Translator: Bonnie Dekker
Reviewer: Denise RQ (Music) (Applause) (Applause) (Applause) (Applause) (Applause) (Applause) (Applause) (Applause) (Music) (Applause) (Applause) (Applause) (Applause) (Applause) (Cheering) (Applause) (Applause) (Applause) (Cheering) It’s a great exercise. I’m sweating. I love it. And thank you. I love you. Thank you, TEDx. (Applause) This is really what keeps me going. Your applause, and your energy
that you’re giving back to me. That’s the food for a performance artist. I’m a professional hula hoop dancer, teacher, and I’m traveling around the world
performing and teaching. I also make hula hoops,
not these LED ones, but for adults and for kids, a little bit thicker with glitter tape. They’re very pretty. What did I do before I hula hooped? Sometimes I’m asking myself that also. But it was actually
just five and a half years ago that I found hula hooping. I’ve got to share some things with you. When I was 17, I was actually a drug dealer. Yeah. I was misusing quite heavy drugs. Yeah. I went to rehab. (Applause) Some people would never guess that. But yeah, I went to rehab. I was there for one year. That was absolutely the worst thing
I’ve been going through in my life, but also the best. I got the time to look inside myself. I got the time to actually — “Hmm, yeah, what I’m looking for
is actually myself.” So, I started to get interested in yoga. There is where my flexibility
is coming from. Anyway, I came out of rehab, and after school, I was directly
going out and traveling. I had a very light backpack, and I looked on the map, “Where do I go? Mexico! Yeah, sure.” So I went to Mexico. Alone, yes. I was 19. I backpacked down to Guatemala. And there, I saw
this beautiful, hippie Rastafarian girl playing with a hula hoop. I was like, “Wow, that’s so beautiful.
I want to learn that.” So I started to practice. I didn’t have anything else
really to do, so why not? I hula hooped, and I looked
at YouTube videos. “What’s she doing? Oh, OK. I’ll try it. Oh, yeah, I made it. Another one.” So it was YouTube that was teaching me. And I went back home. Home at the time was Oslo.
I had my base there. And I started to do street performance. That was the first performance I did. And people stopped by, and they smiled, and they said sweet,
nice compliments to me, and they also gave me money in a hat. So I realized, “Hmm, this is quite fun.
I can earn my own money. plus I’d make people happy
by doing something that I love to do, and I’m finding very naturally. Good combo.” So I kept doing this. I went to parties, some festivals. I started to sow my costumes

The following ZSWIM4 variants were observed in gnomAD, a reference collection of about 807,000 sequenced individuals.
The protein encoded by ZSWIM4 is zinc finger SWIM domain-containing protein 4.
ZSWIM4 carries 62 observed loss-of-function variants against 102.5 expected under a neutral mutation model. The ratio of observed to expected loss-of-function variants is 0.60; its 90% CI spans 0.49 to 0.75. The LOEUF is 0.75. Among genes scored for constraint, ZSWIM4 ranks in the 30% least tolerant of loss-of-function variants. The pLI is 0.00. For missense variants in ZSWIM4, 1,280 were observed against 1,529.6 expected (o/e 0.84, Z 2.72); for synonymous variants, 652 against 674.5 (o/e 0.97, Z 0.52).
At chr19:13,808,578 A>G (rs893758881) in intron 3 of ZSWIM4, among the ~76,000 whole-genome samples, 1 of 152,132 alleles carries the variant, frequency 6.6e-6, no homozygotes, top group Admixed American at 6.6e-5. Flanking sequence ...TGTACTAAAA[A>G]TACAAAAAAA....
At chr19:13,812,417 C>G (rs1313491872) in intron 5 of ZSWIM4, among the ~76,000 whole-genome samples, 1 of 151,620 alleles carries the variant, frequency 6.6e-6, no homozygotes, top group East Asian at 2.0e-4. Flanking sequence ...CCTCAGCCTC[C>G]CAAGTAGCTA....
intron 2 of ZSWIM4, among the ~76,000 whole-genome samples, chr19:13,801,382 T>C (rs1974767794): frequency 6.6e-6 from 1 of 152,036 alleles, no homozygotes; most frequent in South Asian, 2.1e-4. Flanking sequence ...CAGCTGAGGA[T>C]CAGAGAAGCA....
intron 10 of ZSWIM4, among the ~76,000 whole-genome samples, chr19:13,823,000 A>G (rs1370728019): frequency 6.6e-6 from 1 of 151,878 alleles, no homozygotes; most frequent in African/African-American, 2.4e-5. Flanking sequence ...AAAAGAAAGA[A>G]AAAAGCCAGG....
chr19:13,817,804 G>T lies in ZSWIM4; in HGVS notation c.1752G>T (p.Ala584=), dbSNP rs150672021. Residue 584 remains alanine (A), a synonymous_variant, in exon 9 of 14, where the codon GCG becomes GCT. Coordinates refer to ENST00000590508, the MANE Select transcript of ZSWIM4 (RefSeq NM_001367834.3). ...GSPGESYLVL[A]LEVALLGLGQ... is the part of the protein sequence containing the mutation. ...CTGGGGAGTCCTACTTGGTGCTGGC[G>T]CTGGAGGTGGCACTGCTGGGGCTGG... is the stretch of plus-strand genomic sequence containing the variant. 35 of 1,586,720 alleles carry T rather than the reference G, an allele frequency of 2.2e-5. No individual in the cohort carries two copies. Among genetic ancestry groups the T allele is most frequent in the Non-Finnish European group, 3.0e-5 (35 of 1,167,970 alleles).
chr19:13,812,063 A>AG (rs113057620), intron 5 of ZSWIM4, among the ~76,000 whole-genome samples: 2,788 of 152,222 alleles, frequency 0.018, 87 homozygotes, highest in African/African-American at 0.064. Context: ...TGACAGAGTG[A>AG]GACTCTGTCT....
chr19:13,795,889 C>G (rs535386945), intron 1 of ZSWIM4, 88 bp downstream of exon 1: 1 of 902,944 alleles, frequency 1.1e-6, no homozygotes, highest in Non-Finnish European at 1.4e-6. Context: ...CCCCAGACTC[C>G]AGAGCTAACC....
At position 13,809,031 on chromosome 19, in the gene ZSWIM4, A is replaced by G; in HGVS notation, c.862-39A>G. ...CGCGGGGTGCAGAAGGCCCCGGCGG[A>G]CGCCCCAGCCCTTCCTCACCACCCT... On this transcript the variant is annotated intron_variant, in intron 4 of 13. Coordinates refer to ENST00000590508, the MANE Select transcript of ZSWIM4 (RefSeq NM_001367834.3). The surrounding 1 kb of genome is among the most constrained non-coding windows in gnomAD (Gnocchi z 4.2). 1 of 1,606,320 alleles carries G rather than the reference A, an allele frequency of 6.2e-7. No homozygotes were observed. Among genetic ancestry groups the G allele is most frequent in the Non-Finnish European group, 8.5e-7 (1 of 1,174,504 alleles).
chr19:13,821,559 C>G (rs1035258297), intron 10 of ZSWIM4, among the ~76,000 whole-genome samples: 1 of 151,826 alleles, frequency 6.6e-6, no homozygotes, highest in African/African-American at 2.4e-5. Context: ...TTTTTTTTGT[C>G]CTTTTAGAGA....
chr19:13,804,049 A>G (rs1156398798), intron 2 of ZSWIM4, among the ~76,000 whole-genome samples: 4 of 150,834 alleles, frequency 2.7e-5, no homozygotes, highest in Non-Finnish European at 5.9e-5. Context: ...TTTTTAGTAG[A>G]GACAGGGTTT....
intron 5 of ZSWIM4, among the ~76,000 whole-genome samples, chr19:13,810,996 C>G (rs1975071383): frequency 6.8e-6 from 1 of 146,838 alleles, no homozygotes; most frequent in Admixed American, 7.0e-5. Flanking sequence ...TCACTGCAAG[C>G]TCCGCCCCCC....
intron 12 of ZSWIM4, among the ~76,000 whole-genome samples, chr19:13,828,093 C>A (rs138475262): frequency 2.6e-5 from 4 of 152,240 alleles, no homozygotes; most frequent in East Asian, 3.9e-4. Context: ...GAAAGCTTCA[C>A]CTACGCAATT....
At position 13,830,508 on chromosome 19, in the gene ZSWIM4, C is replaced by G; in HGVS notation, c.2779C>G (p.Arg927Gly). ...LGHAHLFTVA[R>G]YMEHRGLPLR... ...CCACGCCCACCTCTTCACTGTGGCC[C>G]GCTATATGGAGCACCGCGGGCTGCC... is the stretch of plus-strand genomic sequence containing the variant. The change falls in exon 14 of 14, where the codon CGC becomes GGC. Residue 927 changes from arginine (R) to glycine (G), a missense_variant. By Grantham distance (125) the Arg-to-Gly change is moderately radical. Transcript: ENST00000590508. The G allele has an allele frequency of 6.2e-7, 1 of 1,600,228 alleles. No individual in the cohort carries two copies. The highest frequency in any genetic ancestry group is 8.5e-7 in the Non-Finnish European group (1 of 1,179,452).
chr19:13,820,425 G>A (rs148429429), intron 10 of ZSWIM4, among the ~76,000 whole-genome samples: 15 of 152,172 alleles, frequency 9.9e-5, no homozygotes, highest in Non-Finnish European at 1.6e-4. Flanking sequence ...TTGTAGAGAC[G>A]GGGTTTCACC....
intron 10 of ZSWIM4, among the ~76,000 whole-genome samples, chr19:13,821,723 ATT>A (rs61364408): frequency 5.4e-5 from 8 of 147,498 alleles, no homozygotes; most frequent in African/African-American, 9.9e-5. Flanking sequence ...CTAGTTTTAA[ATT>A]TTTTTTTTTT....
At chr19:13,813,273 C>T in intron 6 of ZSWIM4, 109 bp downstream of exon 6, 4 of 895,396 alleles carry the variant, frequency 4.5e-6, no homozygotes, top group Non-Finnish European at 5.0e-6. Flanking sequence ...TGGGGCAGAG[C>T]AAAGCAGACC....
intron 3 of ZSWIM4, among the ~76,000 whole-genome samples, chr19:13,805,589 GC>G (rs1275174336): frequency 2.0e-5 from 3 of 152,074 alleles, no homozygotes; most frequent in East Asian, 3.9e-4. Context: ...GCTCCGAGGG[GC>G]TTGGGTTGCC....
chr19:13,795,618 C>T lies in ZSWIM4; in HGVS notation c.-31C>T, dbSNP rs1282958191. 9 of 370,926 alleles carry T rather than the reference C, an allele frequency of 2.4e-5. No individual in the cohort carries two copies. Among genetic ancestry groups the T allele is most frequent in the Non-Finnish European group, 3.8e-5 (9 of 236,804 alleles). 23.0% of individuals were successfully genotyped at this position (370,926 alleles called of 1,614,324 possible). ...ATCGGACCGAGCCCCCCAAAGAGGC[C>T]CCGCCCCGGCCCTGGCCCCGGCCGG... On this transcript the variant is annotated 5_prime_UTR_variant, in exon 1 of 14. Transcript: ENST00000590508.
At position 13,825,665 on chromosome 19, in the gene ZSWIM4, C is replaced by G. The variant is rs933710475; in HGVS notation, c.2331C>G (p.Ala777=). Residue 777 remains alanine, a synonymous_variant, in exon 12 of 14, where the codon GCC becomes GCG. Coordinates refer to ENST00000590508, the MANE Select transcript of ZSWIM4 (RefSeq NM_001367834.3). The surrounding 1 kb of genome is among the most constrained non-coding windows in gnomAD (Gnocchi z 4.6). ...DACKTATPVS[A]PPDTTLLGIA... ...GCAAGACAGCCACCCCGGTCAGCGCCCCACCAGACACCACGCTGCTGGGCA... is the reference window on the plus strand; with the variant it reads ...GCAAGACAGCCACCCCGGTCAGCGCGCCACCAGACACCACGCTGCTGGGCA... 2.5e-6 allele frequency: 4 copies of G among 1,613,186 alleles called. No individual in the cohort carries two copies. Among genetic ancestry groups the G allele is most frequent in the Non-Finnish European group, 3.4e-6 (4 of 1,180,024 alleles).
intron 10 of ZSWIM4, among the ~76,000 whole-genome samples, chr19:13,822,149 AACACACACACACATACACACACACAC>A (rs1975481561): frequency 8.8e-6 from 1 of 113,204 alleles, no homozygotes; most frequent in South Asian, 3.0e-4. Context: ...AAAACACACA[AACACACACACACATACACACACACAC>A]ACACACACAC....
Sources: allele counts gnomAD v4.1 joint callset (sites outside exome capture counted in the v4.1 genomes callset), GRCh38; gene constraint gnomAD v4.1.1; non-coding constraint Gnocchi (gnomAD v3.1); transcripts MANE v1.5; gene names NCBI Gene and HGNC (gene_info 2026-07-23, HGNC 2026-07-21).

and putting crazy make-up on me. And I could just put
all my creativity into the hoop. That was really — that is really fun. Suddenly, I was in a festival in Ørland. And I just had a fire performance. I’m doing this with fire also. (Laughter) I just have a scar here
somewhere from Liseberg. The last days. That’s included in the work. A 45-ish-year-old man came up to me, and said to me after the show, “This is the most beautiful thing
I’ve seen in my whole life.” And when he said it,
I really felt that he meant it. And then I was thinking, “Wow, if I can give this 45-year-old man the most beautiful experience
he’s had in his whole life, that must mean
that I should keep doing this, and also that this is
not only entertainment. It’s not only a show.
It’s something more.” That was the point where I really started
to take responsibility. I started to respond to my ability. Responsibility. (Applause) It’s quite an interesting word
when we break it down. Life can be very simple, but I promise, I also make it
very complicated sometimes. But at least, I have my hoop then. It’s glittery, plastic. Sometimes it’s bling bling,
and sometimes fire. But it’s a hoop. It’s a circle. And as infinite as the hoop is, is also the possibility
to move and dance with the hoop. When I started to invent
my own hula hoop tricks, “Wow! Wow, what was that?
OK, I’ll try that again,” then I also started to see
circles everywhere. That must mean, for me, that there are endless possibilities
for what we can create in life, as well. I think how we change the world is to connect what makes you really happy
and what makes you shine, and then, you’re changing
the rest of the world because we are a part of the hoop of life. Thank you. (Applause)